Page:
Politics & Government

Graham, Lieberman go to Georgia on McCain's behalf

WASHINGTON -- Sens. Lindsey Graham and Joe Lieberman flew to Georgia on Tuesday as emissaries of Sen. John McCain to "stand in solidarity" with its leaders against Russian military aggression.

Graham, a Seneca Republican, and Lieberman, a Connecticut independent, have both been cited as possible Cabinet advisers to McCain should the presumptive GOP presidential nominee win election to the White House in November.

"It is in our own national security interests to stop Russia from continuing its aggressive actions against Georgia or threatening other countries in the region," Graham said before leaving Washington.

Graham and Lieberman, members of the Senate Armed Services Committee, have campaigned extensively with McCain. They often appear as his surrogates on the Sunday talk shows and at other public forums.

The two senators also planned to visit Ukraine, which has sparred with Russia over energy supplies, and Poland.

"We are going to Tbilisi, Warsaw and Kiev to meet with the leaders of these important American allies and to discuss the Russian invasion of Georgia," Lieberman said. "This is a moment in history when it is vital for the world's democracies to stand in solidarity."

Lieberman was Al Gore's running mate in 2004 but later broke with the Democratic Party over its support for a 2006 primary challenger to Lieberman. He still caucuses with Senate Democrats.

Sen. Joe Biden, a Delaware Democrat who chairs the Senate Foreign Relations Committee, met with Georgian President Mikhail Saakashvili over the weekend.

Biden is reported to be on Sen. Barack Obama's short list as a running mate for the presumptive Democratic White House nominee.

McCain, whose chief foreign policy adviser has lobbied for the Georgian government, has been among the strongest critics of Russia's Aug. 7 invasion of Georgia and its failure to withdraw from the former Soviet republic.

"Russian President (Dmitry) Medvedev and Prime Minister (Vladimir) Putin must understand the severe long-term negative consequences that their government's actions will have for Russia's relationship with the United States and Europe," McCain said last week.

McCain accused Obama of appeasing Russia when Obama rejected the Arizona senator's call to expel Russia from the G-8 group of advanced industrialized nations.

McCain's suggestion Thursday that he was dispatching Graham and Lieberman to Georgia drew ridicule from some analysts who said he was acting like president before gaining the office.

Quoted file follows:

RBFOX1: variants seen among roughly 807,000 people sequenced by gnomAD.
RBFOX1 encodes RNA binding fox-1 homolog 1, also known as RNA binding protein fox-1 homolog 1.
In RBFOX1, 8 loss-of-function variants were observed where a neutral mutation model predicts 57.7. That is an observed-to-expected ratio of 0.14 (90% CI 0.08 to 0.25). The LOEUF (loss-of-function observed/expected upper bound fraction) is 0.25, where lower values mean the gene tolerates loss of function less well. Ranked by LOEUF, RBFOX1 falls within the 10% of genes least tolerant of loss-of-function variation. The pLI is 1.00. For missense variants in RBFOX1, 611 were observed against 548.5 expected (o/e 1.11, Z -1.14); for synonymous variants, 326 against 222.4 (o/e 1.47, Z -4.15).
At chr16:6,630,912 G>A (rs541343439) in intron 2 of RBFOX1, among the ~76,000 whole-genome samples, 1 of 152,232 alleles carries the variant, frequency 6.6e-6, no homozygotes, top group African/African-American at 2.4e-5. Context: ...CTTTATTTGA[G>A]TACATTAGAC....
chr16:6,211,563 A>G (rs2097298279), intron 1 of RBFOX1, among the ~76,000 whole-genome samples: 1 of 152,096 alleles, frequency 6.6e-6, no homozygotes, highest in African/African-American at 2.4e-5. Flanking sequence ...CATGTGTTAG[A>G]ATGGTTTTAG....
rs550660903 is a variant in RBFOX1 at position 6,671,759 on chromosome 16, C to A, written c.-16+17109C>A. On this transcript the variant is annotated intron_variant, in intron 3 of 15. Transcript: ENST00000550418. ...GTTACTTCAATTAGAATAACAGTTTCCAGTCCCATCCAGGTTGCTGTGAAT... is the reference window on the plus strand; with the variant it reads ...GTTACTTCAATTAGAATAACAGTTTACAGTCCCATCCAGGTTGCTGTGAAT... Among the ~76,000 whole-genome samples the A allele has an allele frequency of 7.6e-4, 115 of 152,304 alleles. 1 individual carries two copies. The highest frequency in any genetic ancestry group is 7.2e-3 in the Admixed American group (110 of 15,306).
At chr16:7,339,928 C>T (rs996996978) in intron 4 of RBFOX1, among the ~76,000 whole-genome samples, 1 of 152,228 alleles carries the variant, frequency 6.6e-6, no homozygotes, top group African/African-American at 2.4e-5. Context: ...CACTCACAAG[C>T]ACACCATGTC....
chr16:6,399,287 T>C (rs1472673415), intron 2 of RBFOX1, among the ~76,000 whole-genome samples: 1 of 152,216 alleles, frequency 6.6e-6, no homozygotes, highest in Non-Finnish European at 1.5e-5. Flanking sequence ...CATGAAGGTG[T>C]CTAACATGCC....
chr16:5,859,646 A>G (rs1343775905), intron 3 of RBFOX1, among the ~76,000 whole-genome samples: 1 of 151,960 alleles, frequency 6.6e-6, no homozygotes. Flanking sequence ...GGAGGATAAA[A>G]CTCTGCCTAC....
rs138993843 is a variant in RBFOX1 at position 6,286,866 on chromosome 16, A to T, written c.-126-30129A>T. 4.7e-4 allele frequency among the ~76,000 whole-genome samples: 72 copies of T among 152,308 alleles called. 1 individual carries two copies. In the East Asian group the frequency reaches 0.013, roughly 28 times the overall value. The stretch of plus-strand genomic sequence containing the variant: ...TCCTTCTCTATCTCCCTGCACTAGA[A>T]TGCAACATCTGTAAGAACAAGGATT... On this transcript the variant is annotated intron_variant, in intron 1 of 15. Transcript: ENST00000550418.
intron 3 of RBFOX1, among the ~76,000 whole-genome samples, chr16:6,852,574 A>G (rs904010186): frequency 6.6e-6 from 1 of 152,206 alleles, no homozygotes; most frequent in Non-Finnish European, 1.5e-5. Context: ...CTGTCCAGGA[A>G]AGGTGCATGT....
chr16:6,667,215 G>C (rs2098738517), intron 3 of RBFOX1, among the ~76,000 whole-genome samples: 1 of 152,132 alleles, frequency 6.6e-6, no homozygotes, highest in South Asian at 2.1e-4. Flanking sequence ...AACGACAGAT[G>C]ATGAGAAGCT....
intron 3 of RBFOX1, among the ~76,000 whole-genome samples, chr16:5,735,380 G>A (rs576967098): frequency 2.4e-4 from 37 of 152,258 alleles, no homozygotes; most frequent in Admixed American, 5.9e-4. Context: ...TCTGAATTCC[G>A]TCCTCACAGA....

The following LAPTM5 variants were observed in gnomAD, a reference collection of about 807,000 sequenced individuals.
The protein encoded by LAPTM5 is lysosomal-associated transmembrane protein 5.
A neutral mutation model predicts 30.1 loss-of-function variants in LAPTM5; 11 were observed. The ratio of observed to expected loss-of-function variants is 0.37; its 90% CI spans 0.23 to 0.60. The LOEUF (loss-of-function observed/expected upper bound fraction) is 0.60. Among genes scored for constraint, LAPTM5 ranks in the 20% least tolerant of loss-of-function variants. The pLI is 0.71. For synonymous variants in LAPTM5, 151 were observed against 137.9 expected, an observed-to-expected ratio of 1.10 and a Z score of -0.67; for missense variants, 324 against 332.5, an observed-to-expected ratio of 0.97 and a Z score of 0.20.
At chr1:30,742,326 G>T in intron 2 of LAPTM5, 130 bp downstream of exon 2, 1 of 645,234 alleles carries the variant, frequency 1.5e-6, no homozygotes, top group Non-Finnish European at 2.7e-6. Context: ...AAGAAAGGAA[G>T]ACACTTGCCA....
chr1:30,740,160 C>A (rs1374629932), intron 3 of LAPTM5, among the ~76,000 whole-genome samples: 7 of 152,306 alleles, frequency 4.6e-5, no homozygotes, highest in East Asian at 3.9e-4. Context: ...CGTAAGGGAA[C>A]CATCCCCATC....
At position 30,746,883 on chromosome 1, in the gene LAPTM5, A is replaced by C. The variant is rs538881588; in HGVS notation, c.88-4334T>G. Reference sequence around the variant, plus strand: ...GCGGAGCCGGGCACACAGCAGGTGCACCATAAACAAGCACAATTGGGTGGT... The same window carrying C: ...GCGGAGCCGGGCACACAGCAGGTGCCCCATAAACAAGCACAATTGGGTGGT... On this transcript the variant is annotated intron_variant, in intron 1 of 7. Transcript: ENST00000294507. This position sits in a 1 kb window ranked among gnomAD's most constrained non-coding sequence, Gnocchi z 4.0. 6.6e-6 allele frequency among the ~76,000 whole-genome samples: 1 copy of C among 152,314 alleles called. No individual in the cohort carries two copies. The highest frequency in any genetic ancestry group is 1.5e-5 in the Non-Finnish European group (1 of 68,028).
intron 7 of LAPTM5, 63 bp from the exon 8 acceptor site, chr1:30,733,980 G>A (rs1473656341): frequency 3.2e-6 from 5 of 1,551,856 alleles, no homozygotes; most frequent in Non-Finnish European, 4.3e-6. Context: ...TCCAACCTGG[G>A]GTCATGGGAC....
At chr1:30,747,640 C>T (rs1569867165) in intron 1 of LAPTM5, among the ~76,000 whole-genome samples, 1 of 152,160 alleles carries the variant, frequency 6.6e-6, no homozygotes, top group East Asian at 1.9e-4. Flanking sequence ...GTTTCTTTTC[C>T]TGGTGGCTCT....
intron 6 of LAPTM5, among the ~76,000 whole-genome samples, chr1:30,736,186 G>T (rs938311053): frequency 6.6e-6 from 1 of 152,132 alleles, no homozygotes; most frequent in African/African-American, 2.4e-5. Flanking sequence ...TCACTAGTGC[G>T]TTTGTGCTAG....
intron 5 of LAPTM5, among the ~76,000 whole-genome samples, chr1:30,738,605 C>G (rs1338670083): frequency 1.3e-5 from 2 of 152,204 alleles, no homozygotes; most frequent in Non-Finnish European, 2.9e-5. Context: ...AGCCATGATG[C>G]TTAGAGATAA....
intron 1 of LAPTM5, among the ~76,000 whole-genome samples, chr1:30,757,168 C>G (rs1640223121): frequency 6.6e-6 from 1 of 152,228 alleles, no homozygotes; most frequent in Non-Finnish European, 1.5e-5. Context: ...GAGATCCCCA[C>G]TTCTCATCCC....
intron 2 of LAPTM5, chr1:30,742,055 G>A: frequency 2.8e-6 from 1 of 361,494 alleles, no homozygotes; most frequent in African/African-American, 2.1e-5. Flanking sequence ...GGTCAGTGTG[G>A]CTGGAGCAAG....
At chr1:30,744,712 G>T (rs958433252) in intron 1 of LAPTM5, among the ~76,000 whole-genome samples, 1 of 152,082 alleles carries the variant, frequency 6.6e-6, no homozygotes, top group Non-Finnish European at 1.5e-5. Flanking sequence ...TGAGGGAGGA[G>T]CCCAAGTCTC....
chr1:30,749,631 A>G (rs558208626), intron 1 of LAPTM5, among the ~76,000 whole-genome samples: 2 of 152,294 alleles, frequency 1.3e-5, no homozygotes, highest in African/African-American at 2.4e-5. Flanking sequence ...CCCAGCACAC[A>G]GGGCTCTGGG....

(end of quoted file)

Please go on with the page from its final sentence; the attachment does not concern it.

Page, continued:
"As soon as possible, my colleagues, Senator Lieberman and Senator Graham, will be traveling to Georgia," McCain said.

MSNBC commentator Rachel Maddow said, "As the crisis in the Black Sea (region) continues, McCain plays 'pretend Cabinet' and dispatches Joe Lieberman and Lindsey Graham to Georgia, on the heels of a real diplomatic visit by the actual American secretary of state," Condoleezza Rice.

In an editorial Sunday, the Honolulu Star-Bulletin -- based in the state where Obama spent much of his childhood -- criticized McCain for "play-acting as president" when he "brazenly announced" that Graham and Lieberman would go to Georgia.

Richard Allen, who served as national security adviser to President Ronald Reagan, defended McCain's decision to send the two senators to Georgia.

"Even an experienced candidate such as Mr. McCain will make good use of the on-the-spot observations and recommendations of two trusted Senate colleagues," Allen wrote in a comment published Monday in the Washington Post.

Tucker Bounds, a McCain campaign spokesman, said Graham and Lieberman traveled to Georgia as members of an official congressional delegation that was open to other senators.

"John McCain recognizes the seriousness of this issue," Bounds said. "Senators Graham and Lieberman are close and trusted allies with an incredible depth of understanding" of the Russia-Georgia conflict and related matters.

Kevin Bishop, a Graham spokesman, said he "would imagine" McCain and Graham discussed the trip before Graham's departure.

"It's important that members of the United States Congress show support and solidarity for these young democracies, particularly in light of the recent aggression against Georgia," Graham said.